There are several variables that determining our tolerance to events capable of activating the defense systems, in particular mong these are temperament and life experiences. Many people are more “excitable” or sensitive from their birth. On this biological basis, environment and our history of attachment act, along with and subsequent experiences over the years. These can in fact get an individual sensitized.
What is the use of all this in therapy?
In therapy it is important becoming aware of our own thresholds linked to arousal and to identify somatic signals of arousal that pass the optimal area.
It is also important to expand the threshold of the tolerance window to prevent emotional disregulation states. This allows the person to live more functional relationships and to be more effective in the relationships themselves. Improve metacognitive skills, or the ability to use thought to reflect on their own and other mental states. To know how to regulate and modulate emotions without being overwhelmed.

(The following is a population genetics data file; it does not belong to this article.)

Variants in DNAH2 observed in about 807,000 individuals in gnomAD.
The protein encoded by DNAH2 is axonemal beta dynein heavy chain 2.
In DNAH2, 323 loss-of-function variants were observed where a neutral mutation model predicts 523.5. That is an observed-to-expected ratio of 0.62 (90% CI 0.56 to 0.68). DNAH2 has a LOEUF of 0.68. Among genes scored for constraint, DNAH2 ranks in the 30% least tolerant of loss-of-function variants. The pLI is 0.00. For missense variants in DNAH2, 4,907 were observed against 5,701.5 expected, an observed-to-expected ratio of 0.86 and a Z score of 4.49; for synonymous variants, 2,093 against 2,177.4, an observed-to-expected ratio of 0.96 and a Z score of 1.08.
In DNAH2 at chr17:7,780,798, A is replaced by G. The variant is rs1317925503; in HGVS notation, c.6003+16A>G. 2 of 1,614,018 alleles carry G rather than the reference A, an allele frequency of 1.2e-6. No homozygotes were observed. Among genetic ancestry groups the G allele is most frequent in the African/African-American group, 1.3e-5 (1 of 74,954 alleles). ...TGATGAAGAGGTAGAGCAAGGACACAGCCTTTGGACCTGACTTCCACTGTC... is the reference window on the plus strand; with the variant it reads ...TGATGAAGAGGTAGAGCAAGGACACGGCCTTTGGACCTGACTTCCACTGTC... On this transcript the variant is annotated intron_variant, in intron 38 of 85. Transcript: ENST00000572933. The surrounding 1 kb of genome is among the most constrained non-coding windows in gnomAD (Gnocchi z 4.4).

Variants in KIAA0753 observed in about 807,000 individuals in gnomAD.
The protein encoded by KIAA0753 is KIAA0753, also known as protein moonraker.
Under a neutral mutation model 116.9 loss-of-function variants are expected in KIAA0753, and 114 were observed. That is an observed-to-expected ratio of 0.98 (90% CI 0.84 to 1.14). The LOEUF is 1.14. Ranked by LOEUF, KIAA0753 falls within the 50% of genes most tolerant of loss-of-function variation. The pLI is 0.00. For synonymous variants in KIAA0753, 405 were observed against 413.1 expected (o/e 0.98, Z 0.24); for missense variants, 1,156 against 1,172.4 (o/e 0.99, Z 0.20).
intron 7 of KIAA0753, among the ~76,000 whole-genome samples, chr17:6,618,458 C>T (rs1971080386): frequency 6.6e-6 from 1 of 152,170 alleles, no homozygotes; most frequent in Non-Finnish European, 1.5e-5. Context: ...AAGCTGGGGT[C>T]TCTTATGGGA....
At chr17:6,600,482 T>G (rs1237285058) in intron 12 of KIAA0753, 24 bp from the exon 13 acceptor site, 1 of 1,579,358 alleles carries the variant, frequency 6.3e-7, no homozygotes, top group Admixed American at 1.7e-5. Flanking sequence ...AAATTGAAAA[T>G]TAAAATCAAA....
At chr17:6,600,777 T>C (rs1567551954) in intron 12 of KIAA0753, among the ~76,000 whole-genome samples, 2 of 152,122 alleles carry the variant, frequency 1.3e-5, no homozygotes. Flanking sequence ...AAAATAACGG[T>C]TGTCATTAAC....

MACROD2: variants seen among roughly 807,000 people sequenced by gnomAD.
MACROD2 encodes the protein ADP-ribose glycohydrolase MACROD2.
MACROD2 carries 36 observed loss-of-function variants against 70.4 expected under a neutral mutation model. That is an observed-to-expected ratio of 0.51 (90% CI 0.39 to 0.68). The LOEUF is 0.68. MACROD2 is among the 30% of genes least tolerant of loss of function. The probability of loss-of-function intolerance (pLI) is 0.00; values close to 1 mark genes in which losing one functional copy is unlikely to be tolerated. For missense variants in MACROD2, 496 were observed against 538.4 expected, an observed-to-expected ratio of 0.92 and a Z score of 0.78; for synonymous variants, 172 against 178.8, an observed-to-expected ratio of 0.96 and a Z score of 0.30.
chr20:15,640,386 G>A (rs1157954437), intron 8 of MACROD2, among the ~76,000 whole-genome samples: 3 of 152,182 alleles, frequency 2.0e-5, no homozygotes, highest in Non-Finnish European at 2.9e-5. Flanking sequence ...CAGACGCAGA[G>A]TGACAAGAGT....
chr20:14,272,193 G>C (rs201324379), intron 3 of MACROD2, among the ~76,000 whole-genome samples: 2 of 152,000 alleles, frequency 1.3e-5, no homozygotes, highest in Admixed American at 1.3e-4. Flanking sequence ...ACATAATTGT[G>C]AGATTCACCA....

In the light of a traumatic life history, a psychotherapy oriented to the stabilization of defense responses plays a central role. As far as we have said, in fact, if the person is in a state of hypo or hyper arousal while talking about his experience, this can hinder the process of integration and reprocessing of experiences.
Therefore to intervene starting from bottom-up interventions can be the key, passing through the body and the somatic traces of the trauma.
Only at a later time it would be possible to work on a higher functioning level (reasoning, inferences etc…) and that is from top to bottom. Pat Ogden’s sensorimotor psychotherapy is one of the therapeutic approaches that acts through this pathway, intervening to rewrite the bodily traces of trauma in people’s history.
For further information: